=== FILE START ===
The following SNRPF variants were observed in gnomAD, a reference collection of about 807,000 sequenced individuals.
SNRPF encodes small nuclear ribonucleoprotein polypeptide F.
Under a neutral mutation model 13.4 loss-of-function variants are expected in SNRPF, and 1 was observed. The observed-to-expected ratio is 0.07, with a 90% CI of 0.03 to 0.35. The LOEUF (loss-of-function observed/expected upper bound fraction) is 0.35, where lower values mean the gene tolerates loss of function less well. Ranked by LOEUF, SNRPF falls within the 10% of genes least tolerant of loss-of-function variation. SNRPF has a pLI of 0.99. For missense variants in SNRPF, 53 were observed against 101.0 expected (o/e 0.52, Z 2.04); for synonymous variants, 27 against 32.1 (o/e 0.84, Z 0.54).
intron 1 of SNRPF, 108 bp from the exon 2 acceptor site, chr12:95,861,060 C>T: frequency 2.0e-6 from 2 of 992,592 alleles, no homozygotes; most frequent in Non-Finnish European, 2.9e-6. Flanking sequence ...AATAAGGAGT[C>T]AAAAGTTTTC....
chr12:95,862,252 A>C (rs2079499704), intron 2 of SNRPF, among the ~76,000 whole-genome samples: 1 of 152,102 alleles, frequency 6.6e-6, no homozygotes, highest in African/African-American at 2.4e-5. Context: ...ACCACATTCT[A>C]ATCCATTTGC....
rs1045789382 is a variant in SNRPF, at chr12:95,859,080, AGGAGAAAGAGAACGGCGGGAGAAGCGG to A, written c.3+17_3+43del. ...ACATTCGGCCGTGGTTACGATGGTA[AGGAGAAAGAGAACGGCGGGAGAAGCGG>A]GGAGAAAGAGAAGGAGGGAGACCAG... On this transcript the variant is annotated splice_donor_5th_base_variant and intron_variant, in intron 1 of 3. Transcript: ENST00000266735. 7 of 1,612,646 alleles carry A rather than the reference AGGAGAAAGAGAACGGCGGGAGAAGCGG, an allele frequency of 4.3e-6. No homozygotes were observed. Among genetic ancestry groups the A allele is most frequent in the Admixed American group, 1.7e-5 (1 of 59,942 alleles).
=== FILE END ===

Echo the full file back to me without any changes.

The following SNRPF variants were observed in gnomAD, a reference collection of about 807,000 sequenced individuals.
SNRPF encodes small nuclear ribonucleoprotein polypeptide F.
Under a neutral mutation model 13.4 loss-of-function variants are expected in SNRPF, and 1 was observed. The observed-to-expected ratio is 0.07, with a 90% CI of 0.03 to 0.35. The LOEUF (loss-of-function observed/expected upper bound fraction) is 0.35, where lower values mean the gene tolerates loss of function less well. Ranked by LOEUF, SNRPF falls within the 10% of genes least tolerant of loss-of-function variation. SNRPF has a pLI of 0.99. For missense variants in SNRPF, 53 were observed against 101.0 expected (o/e 0.52, Z 2.04); for synonymous variants, 27 against 32.1 (o/e 0.84, Z 0.54).
intron 1 of SNRPF, 108 bp from the exon 2 acceptor site, chr12:95,861,060 C>T: frequency 2.0e-6 from 2 of 992,592 alleles, no homozygotes; most frequent in Non-Finnish European, 2.9e-6. Flanking sequence ...AATAAGGAGT[C>T]AAAAGTTTTC....
chr12:95,862,252 A>C (rs2079499704), intron 2 of SNRPF, among the ~76,000 whole-genome samples: 1 of 152,102 alleles, frequency 6.6e-6, no homozygotes, highest in African/African-American at 2.4e-5. Context: ...ACCACATTCT[A>C]ATCCATTTGC....
rs1045789382 is a variant in SNRPF, at chr12:95,859,080, AGGAGAAAGAGAACGGCGGGAGAAGCGG to A, written c.3+17_3+43del. ...ACATTCGGCCGTGGTTACGATGGTA[AGGAGAAAGAGAACGGCGGGAGAAGCGG>A]GGAGAAAGAGAAGGAGGGAGACCAG... On this transcript the variant is annotated splice_donor_5th_base_variant and intron_variant, in intron 1 of 3. Transcript: ENST00000266735. 7 of 1,612,646 alleles carry A rather than the reference AGGAGAAAGAGAACGGCGGGAGAAGCGG, an allele frequency of 4.3e-6. No homozygotes were observed. Among genetic ancestry groups the A allele is most frequent in the Admixed American group, 1.7e-5 (1 of 59,942 alleles).